In conclusion: (1) children with IDDM who follow a home-based self-control programme present a similar level of atherogenic risk to that of healthy children; (2) children with a poor metabolic control of their illness show higher markers of atherogenic risk than those with good metabolic control; (3) there is a relation between markers of atherogenic risk and plasma concentrations of retinol and RBP; (4) there appears to be a protective mechanism by which RBP levels increase in patients with IDDM to counteract high levels of atherogenic risk markers, which would explain the simple, direct, linear correlations found; (5) our results suggests that vitamin A supplementation in IDDM children may be useful to prevent the development of a relative insufficiency or deficiency of this vitamin.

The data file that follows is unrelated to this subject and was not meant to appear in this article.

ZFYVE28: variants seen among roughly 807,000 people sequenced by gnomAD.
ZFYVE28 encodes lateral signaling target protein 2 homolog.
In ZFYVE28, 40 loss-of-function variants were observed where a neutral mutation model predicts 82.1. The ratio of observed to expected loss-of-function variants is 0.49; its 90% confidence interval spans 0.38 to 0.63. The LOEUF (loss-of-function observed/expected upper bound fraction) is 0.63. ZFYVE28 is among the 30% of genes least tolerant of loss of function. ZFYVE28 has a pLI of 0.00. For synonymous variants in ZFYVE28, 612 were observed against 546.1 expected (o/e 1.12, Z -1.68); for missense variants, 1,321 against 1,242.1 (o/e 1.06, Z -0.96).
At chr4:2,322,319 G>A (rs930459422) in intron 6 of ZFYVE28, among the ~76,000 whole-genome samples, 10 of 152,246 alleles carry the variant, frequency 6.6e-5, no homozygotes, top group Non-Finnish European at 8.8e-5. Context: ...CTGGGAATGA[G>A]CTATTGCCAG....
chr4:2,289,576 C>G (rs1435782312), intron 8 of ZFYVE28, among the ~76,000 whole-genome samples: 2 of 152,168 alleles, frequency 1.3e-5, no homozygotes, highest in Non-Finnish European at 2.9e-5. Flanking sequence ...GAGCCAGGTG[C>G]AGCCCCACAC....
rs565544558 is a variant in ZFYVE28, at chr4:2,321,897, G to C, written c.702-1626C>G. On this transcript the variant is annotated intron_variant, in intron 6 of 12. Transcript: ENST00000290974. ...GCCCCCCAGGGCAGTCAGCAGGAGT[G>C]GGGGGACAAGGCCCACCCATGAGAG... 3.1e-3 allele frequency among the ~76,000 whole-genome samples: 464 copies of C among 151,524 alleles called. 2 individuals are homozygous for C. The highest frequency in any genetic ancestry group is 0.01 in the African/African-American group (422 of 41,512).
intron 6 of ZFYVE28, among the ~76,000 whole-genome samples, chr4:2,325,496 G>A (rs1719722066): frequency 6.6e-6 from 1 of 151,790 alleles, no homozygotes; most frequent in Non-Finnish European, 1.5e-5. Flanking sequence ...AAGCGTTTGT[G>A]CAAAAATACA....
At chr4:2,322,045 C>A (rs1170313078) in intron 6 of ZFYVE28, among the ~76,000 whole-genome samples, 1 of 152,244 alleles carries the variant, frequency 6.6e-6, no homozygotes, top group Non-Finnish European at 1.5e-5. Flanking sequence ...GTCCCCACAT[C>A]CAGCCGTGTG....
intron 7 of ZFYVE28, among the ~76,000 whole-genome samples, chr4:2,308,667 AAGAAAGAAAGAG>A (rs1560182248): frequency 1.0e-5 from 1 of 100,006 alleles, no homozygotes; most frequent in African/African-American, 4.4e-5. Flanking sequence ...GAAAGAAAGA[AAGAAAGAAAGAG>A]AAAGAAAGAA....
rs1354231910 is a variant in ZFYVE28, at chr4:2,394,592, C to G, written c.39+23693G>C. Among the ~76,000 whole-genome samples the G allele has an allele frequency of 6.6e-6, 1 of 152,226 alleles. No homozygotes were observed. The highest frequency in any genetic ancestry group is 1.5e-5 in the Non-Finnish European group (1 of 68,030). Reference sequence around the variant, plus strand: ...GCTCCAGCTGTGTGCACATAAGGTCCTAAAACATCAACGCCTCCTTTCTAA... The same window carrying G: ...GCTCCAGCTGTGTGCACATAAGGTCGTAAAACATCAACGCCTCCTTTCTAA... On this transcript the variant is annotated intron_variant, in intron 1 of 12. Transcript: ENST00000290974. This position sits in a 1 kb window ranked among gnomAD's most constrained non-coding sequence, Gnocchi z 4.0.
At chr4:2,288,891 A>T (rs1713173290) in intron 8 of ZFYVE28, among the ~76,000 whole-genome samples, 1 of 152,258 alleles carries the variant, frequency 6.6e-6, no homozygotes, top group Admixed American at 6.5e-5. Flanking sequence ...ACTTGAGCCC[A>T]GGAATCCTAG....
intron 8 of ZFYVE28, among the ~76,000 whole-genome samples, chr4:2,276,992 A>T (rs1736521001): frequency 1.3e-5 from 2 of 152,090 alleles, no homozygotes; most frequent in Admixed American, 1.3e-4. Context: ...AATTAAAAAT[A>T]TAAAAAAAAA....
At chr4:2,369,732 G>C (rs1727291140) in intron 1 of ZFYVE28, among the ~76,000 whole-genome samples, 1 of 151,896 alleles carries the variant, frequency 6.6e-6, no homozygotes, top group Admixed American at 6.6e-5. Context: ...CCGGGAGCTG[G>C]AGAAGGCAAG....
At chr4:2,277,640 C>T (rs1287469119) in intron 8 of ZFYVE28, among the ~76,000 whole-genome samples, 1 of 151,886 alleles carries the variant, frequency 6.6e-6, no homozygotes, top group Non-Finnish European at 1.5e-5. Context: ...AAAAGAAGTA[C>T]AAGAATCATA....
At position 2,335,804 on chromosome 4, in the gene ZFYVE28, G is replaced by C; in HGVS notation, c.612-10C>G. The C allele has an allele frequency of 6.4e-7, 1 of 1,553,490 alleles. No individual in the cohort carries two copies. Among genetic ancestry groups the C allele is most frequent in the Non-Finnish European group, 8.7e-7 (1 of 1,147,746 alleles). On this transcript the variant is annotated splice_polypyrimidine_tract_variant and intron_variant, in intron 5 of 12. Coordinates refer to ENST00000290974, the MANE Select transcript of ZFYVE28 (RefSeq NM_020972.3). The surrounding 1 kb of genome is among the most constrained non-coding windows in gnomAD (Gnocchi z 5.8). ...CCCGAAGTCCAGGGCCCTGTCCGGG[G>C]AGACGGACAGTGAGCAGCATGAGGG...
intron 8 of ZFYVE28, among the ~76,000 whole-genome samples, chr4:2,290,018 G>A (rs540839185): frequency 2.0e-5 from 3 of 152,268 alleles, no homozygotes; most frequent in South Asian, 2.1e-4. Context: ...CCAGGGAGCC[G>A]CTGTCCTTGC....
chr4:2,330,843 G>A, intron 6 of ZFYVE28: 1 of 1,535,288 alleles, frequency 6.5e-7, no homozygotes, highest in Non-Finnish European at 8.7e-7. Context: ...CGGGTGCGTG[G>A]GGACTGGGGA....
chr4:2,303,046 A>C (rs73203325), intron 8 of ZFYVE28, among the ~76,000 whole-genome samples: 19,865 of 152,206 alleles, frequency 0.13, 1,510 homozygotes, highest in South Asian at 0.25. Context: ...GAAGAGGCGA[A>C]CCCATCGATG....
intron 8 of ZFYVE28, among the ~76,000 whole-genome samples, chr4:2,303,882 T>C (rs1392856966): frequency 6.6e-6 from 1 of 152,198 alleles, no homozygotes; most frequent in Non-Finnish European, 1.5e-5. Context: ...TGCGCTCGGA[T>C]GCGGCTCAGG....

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The authors thank Glenn Harding for checking and revising the English and style of the article.

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Correspondence to C Campoy.

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Baena, R., Campoy, C., Bayés, R. et al. Vitamin A, retinol binding protein and lipids in type 1 diabetes mellitus. Eur J Clin Nutr 56, 44–50 (2002).

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  • diabetes mellitus type 1
  • vitamin A
  • retinol binding protein
  • atherogenic risk